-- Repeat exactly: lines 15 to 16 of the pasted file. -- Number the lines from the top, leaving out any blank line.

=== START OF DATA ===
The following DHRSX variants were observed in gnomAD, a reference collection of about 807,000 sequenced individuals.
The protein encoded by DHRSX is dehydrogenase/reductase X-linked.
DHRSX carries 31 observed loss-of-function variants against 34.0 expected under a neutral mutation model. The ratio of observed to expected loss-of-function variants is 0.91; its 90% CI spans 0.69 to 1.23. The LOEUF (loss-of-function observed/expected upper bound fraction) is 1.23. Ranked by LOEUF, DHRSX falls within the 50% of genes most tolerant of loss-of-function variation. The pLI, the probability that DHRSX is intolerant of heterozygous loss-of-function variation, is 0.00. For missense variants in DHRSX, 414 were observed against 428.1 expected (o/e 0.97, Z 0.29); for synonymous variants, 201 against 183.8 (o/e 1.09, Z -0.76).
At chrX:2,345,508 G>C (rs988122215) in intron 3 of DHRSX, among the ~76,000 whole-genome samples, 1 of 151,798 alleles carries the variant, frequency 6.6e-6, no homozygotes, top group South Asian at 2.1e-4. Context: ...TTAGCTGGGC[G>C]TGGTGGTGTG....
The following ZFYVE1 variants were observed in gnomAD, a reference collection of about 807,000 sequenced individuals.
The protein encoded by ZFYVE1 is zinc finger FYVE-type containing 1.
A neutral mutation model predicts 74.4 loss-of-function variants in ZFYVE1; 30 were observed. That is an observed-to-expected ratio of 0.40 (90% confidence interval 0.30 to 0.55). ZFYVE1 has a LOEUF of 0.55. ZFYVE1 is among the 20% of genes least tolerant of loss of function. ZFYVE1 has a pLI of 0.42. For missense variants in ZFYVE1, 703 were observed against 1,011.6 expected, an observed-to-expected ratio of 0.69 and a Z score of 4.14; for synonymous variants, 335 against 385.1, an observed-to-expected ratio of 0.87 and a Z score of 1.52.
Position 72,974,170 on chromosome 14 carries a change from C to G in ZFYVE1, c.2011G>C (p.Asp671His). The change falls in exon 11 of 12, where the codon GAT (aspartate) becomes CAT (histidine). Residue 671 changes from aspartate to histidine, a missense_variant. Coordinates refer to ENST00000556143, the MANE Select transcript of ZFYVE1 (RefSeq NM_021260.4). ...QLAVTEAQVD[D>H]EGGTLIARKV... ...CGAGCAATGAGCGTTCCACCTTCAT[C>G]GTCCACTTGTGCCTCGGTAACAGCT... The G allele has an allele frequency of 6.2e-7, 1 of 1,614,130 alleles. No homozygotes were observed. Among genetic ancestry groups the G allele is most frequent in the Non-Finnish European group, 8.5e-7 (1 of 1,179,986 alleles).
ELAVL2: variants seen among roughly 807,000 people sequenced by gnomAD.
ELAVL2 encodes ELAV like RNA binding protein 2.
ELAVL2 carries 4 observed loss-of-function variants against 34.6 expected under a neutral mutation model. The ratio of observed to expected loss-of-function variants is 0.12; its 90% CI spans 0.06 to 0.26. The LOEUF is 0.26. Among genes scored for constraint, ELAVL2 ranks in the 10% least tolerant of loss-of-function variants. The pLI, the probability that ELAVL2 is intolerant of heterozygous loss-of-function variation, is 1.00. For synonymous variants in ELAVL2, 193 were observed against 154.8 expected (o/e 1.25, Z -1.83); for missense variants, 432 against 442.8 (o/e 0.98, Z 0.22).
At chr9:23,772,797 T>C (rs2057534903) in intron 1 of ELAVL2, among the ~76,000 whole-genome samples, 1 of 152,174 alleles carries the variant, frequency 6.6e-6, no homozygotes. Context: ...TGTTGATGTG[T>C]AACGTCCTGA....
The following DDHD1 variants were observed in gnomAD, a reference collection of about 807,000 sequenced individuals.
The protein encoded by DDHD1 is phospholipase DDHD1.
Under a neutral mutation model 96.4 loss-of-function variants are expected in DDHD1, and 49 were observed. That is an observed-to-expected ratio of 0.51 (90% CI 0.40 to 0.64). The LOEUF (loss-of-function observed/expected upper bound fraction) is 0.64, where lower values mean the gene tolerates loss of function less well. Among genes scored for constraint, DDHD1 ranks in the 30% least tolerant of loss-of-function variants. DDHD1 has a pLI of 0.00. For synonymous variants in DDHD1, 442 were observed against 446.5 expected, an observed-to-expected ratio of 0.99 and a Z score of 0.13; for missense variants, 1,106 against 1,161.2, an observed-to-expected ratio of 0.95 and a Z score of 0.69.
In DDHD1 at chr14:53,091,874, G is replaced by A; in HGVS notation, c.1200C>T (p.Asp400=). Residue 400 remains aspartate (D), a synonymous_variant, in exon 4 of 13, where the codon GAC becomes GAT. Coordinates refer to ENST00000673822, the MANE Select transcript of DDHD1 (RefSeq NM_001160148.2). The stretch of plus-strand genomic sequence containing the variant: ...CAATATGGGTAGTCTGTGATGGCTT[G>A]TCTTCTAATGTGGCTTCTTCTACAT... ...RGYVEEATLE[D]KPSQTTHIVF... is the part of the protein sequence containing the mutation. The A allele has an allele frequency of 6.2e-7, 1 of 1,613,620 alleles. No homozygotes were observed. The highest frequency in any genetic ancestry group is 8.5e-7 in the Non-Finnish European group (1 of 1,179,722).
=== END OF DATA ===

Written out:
Under a neutral mutation model 96.4 loss-of-function variants are expected in DDHD1, and 49 were observed. That is an observed-to-expected ratio of 0.51 (90% CI 0.40 to 0.64). The LOEUF (loss-of-function observed/expected upper bound fraction) is 0.64, where lower values mean the gene tolerates loss of function less well. Among genes scored for constraint, DDHD1 ranks in the 30% least tolerant of loss-of-function variants. DDHD1 has a pLI of 0.00. For synonymous variants in DDHD1, 442 were observed against 446.5 expected, an observed-to-expected ratio of 0.99 and a Z score of 0.13; for missense variants, 1,106 against 1,161.2, an observed-to-expected ratio of 0.95 and a Z score of 0.69.
In DDHD1 at chr14:53,091,874, G is replaced by A; in HGVS notation, c.1200C>T (p.Asp400=). Residue 400 remains aspartate (D), a synonymous_variant, in exon 4 of 13, where the codon GAC becomes GAT. Coordinates refer to ENST00000673822, the MANE Select transcript of DDHD1 (RefSeq NM_001160148.2). The stretch of plus-strand genomic sequence containing the variant: ...CAATATGGGTAGTCTGTGATGGCTT[G>A]TCTTCTAATGTGGCTTCTTCTACAT... ...RGYVEEATLE[D]KPSQTTHIVF... is the part of the protein sequence containing the mutation. The A allele has an allele frequency of 6.2e-7, 1 of 1,613,620 alleles. No homozygotes were observed. The highest frequency in any genetic ancestry group is 8.5e-7 in the Non-Finnish European group (1 of 1,179,722).